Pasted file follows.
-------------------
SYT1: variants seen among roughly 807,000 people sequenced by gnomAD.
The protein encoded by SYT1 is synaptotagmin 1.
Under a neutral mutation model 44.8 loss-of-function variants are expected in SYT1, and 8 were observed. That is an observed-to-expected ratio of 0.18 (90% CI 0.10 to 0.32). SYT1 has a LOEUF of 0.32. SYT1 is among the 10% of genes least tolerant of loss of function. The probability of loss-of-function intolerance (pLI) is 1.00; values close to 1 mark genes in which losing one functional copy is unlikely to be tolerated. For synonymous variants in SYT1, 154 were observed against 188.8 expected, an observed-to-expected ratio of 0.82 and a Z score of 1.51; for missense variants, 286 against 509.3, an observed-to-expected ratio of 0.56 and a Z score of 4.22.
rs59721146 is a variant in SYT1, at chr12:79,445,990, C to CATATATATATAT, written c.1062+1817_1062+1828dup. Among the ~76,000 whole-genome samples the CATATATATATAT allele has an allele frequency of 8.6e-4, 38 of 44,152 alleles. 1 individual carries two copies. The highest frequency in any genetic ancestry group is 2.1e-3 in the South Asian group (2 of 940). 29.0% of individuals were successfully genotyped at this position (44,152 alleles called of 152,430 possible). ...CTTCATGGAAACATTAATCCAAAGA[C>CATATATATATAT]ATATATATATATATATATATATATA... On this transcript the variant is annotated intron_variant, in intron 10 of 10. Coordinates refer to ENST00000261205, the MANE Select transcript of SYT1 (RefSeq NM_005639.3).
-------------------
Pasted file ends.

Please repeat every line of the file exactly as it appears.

SYT1: variants seen among roughly 807,000 people sequenced by gnomAD.
The protein encoded by SYT1 is synaptotagmin 1.
Under a neutral mutation model 44.8 loss-of-function variants are expected in SYT1, and 8 were observed. That is an observed-to-expected ratio of 0.18 (90% CI 0.10 to 0.32). SYT1 has a LOEUF of 0.32. SYT1 is among the 10% of genes least tolerant of loss of function. The probability of loss-of-function intolerance (pLI) is 1.00; values close to 1 mark genes in which losing one functional copy is unlikely to be tolerated. For synonymous variants in SYT1, 154 were observed against 188.8 expected, an observed-to-expected ratio of 0.82 and a Z score of 1.51; for missense variants, 286 against 509.3, an observed-to-expected ratio of 0.56 and a Z score of 4.22.
rs59721146 is a variant in SYT1, at chr12:79,445,990, C to CATATATATATAT, written c.1062+1817_1062+1828dup. Among the ~76,000 whole-genome samples the CATATATATATAT allele has an allele frequency of 8.6e-4, 38 of 44,152 alleles. 1 individual carries two copies. The highest frequency in any genetic ancestry group is 2.1e-3 in the South Asian group (2 of 940). 29.0% of individuals were successfully genotyped at this position (44,152 alleles called of 152,430 possible). ...CTTCATGGAAACATTAATCCAAAGA[C>CATATATATATAT]ATATATATATATATATATATATATA... On this transcript the variant is annotated intron_variant, in intron 10 of 10. Coordinates refer to ENST00000261205, the MANE Select transcript of SYT1 (RefSeq NM_005639.3).